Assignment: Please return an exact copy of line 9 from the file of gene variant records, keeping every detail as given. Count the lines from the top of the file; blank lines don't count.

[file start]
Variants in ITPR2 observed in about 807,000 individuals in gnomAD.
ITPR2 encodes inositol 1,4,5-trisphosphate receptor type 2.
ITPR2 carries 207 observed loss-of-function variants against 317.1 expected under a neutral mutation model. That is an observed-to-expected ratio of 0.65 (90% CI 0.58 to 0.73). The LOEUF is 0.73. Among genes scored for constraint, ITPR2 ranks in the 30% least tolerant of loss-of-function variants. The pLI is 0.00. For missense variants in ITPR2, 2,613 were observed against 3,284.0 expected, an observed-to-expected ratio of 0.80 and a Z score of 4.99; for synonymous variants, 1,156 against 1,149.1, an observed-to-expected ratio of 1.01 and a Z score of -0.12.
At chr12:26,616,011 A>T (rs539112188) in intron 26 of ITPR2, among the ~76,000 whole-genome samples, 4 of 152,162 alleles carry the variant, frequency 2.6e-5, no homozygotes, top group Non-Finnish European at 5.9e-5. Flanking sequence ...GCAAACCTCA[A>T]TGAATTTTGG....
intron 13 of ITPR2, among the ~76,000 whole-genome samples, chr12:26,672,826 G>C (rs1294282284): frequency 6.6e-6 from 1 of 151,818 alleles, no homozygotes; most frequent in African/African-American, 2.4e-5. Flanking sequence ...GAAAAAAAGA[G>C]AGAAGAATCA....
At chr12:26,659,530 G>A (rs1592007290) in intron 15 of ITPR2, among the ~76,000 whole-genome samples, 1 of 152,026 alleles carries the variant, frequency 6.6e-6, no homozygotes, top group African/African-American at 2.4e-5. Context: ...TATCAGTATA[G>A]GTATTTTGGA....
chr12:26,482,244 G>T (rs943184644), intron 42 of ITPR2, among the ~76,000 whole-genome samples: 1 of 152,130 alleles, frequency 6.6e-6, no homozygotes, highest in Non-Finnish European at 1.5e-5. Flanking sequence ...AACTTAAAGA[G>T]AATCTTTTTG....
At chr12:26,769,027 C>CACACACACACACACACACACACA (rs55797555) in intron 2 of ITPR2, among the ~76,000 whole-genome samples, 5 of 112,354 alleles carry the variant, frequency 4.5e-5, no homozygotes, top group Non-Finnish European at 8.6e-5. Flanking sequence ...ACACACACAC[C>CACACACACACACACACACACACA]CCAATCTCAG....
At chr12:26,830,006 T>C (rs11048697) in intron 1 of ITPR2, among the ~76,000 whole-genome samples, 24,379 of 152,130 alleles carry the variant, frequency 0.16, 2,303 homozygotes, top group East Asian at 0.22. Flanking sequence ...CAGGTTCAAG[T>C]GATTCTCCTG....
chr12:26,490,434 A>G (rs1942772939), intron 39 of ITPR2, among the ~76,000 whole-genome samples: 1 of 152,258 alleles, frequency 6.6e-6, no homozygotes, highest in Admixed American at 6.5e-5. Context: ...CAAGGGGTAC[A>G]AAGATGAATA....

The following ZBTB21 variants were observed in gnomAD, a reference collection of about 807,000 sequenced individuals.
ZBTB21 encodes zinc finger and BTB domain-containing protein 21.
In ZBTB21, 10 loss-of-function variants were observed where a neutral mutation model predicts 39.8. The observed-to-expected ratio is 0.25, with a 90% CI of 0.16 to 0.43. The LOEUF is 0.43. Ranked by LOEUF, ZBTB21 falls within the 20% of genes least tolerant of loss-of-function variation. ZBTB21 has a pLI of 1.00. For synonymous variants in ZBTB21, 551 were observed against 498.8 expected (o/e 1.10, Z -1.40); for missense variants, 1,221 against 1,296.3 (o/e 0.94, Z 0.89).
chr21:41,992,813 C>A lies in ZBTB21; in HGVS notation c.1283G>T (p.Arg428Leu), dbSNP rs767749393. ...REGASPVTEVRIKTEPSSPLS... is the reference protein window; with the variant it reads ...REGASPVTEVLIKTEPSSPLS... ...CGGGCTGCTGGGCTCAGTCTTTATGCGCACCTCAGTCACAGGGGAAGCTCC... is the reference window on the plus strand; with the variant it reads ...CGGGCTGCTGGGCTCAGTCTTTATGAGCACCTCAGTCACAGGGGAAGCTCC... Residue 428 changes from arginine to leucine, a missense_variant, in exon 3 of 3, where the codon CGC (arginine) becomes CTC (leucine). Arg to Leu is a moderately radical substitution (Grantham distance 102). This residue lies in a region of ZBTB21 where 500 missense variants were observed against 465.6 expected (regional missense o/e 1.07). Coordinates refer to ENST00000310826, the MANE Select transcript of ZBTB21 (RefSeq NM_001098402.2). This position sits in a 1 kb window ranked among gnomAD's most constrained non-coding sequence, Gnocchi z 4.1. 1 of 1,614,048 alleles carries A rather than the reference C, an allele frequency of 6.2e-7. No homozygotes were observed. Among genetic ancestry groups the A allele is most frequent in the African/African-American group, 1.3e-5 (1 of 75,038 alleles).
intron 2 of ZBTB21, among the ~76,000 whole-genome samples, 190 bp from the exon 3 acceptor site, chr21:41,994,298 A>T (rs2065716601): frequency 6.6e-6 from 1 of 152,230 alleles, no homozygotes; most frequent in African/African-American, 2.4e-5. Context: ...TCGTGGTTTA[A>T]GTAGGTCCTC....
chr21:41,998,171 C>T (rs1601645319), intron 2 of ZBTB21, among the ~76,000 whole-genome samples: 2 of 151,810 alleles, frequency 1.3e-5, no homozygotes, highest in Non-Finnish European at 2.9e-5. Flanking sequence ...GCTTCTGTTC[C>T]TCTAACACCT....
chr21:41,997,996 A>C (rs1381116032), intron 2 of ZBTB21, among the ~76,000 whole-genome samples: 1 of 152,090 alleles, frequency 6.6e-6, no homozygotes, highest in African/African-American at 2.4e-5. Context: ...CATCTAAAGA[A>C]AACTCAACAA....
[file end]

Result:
At chr12:26,830,006 T>C (rs11048697) in intron 1 of ITPR2, among the ~76,000 whole-genome samples, 24,379 of 152,130 alleles carry the variant, frequency 0.16, 2,303 homozygotes, top group East Asian at 0.22. Flanking sequence ...CAGGTTCAAG[T>C]GATTCTCCTG....